Colby students and alumni joined forces this spring to serve their communities and strengthen connections within the Colby network.
On Saturday, April 25, nearly 300 students volunteered for 28 local organizations as part of the 19th annual Colby Cares Day, and on Saturday, May 2, about 80 alumni in Boston and Washington, D.C., pitched in to help their communities in the second annual alumni component of the event.
The Colby Volunteer Center (CVC) coordinated Colby Cares Day in Waterville and connected with alumni to implement off-campus projects. “We were very excited to organize the events together and increase the Colby student-alumni connection,” said CVC codirector Meghan Harwood ’15.
In the Waterville area Colby students helped in dozens of ways, from doing yard work at the Waterville Historical Society to playing bingo with people with intellectual and developmental disabilities through the Best Buddies program. Some students participated with their teams and clubs; the Nordic ski team helped rebuild an Alfond Youth Center baseball field, and the football team hosted a youth football camp.
According to Harwood, Colby Cares Day provides an opportunity for students who can’t commit to weekly volunteering. “Colby Cares Day becomes a great time for students who don’t have that opportunity to interact with community members outside of Colby,” she said.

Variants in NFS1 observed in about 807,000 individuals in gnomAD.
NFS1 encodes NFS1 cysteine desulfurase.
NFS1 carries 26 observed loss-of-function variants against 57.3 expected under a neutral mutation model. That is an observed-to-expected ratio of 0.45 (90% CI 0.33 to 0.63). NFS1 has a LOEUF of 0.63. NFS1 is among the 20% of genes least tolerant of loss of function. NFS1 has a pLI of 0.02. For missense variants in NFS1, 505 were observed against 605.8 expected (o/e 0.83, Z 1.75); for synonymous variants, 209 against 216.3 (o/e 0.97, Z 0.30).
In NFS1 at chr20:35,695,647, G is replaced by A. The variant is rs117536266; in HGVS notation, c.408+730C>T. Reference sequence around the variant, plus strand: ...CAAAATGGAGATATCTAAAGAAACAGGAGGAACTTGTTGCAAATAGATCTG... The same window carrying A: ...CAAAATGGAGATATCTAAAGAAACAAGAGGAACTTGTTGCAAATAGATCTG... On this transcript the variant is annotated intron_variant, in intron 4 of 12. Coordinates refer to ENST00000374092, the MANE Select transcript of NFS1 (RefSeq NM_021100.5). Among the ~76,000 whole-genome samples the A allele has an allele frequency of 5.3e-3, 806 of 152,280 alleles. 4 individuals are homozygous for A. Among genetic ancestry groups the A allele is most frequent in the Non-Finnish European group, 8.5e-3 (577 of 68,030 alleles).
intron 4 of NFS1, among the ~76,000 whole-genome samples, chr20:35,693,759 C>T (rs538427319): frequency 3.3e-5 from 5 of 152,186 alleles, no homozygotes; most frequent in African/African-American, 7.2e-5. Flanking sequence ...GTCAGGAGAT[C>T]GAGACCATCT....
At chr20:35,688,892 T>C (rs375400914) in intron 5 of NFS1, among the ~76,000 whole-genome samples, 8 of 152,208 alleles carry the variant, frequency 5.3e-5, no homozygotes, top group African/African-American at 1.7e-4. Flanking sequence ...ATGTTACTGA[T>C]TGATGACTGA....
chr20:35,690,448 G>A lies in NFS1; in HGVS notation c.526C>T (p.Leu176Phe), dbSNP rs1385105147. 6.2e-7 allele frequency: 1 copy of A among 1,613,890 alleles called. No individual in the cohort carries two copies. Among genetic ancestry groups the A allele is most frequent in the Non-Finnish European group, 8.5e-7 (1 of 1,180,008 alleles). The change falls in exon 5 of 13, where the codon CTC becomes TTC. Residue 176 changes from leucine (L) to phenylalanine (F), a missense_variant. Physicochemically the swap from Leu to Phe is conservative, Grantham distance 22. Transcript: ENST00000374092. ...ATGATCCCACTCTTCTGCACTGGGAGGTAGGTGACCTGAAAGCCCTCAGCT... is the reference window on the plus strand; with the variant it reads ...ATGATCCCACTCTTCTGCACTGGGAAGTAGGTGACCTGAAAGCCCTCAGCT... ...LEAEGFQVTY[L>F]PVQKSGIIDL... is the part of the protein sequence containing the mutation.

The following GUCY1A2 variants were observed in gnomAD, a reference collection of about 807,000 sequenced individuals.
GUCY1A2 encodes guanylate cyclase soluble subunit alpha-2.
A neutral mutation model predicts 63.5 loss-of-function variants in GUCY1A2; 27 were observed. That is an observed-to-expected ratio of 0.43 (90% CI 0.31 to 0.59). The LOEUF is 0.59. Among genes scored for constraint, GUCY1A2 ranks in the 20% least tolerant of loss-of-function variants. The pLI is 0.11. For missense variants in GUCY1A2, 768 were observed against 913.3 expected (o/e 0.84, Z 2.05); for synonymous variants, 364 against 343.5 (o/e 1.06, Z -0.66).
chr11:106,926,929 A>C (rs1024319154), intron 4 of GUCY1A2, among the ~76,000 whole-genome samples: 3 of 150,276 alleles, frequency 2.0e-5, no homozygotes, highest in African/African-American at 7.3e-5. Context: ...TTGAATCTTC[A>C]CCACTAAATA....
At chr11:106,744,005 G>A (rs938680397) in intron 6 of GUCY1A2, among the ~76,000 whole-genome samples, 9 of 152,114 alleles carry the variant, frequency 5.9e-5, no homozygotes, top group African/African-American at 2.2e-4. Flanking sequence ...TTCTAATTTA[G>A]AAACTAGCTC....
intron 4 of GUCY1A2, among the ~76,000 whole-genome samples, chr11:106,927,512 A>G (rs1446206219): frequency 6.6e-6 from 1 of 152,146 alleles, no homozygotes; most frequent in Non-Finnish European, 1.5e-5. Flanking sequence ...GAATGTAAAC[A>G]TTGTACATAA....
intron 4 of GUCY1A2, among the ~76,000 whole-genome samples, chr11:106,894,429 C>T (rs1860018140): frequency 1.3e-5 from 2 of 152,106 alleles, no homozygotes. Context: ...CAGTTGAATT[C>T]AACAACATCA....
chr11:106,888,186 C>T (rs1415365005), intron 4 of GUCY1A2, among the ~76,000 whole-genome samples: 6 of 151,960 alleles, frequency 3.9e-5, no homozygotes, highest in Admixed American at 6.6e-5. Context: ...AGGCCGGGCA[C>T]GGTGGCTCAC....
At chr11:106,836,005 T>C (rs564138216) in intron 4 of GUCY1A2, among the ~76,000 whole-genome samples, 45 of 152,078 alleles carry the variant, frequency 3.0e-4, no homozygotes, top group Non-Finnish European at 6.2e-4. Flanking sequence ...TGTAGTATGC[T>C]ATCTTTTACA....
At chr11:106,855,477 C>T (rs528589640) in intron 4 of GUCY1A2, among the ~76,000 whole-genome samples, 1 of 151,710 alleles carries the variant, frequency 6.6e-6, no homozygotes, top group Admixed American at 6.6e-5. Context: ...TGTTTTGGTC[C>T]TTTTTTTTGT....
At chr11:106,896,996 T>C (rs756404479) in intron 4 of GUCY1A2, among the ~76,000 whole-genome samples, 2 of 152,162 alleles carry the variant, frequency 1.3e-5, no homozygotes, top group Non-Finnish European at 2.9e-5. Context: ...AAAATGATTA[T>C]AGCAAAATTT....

Likewise, alumni have the chance to connect with their local community and with the Mayflower Hill community by partnering with the CVC—a collaboration that enriches the experience for all, according to Madison “Madi” Louis ’13, one of the organizers. “For students, it allows them to see that Colby’s value on community service continues even after they leave Mayflower Hill, and for alumni, it reunites them with the Colby community,” she said.
Sameera Anwar ’10, Brandon Pollock ’10, and Amanda Carbonneau ’14 joined Louis in spearheading Boston events while Michael Brophy ’12 and Julia Prezioso ’14 took the lead in Washington, D.C.
In Boston, volunteer work included cleanup and garden maintenance for Boston Natural Areas Network and the Esplanade Association, helping with Project Bread’s Walk for Hunger, and working with teens to sort donations at More Than Words, a nonprofit dedicated to empowering at-risk youth.
D.C. alums collaborated to weed, mulch, trellis, and harvest at Bread for the City’s organic fruit orchard in Beltsville, Md.—an operation that yields upward of 45,000 pounds of fresh fruit annually for distribution to area residents in need.
“We are fortunate to have an actively engaged alumni community,” said Assistant Director of Alumni Relations Meghan Gray, who helped promote the alumni event. “A day like Colby Cares allows our constituents to do something great in their current community while reminiscing about their time as a student. It’s also a great event that can bring alumni from various decades together for one common cause.”